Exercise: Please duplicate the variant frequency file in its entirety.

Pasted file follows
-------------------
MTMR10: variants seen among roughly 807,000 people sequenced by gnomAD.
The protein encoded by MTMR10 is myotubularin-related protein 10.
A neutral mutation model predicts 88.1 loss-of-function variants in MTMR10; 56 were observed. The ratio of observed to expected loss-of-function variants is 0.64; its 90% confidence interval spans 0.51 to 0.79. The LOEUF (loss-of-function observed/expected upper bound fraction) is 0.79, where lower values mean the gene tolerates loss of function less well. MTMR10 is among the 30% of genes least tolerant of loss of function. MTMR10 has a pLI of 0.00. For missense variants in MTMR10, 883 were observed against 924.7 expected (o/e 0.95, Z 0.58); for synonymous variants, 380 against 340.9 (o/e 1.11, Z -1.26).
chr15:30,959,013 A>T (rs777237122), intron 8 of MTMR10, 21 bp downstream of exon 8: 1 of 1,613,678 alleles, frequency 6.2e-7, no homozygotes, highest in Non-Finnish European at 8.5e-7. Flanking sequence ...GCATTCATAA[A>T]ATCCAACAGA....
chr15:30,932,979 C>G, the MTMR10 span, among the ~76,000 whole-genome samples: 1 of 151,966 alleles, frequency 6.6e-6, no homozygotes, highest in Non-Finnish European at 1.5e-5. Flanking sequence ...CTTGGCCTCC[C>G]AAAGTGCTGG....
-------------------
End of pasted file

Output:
MTMR10: variants seen among roughly 807,000 people sequenced by gnomAD.
The protein encoded by MTMR10 is myotubularin-related protein 10.
A neutral mutation model predicts 88.1 loss-of-function variants in MTMR10; 56 were observed. The ratio of observed to expected loss-of-function variants is 0.64; its 90% confidence interval spans 0.51 to 0.79. The LOEUF (loss-of-function observed/expected upper bound fraction) is 0.79, where lower values mean the gene tolerates loss of function less well. MTMR10 is among the 30% of genes least tolerant of loss of function. MTMR10 has a pLI of 0.00. For missense variants in MTMR10, 883 were observed against 924.7 expected (o/e 0.95, Z 0.58); for synonymous variants, 380 against 340.9 (o/e 1.11, Z -1.26).
chr15:30,959,013 A>T (rs777237122), intron 8 of MTMR10, 21 bp downstream of exon 8: 1 of 1,613,678 alleles, frequency 6.2e-7, no homozygotes, highest in Non-Finnish European at 8.5e-7. Flanking sequence ...GCATTCATAA[A>T]ATCCAACAGA....
chr15:30,932,979 C>G, the MTMR10 span, among the ~76,000 whole-genome samples: 1 of 151,966 alleles, frequency 6.6e-6, no homozygotes, highest in Non-Finnish European at 1.5e-5. Flanking sequence ...CTTGGCCTCC[C>G]AAAGTGCTGG....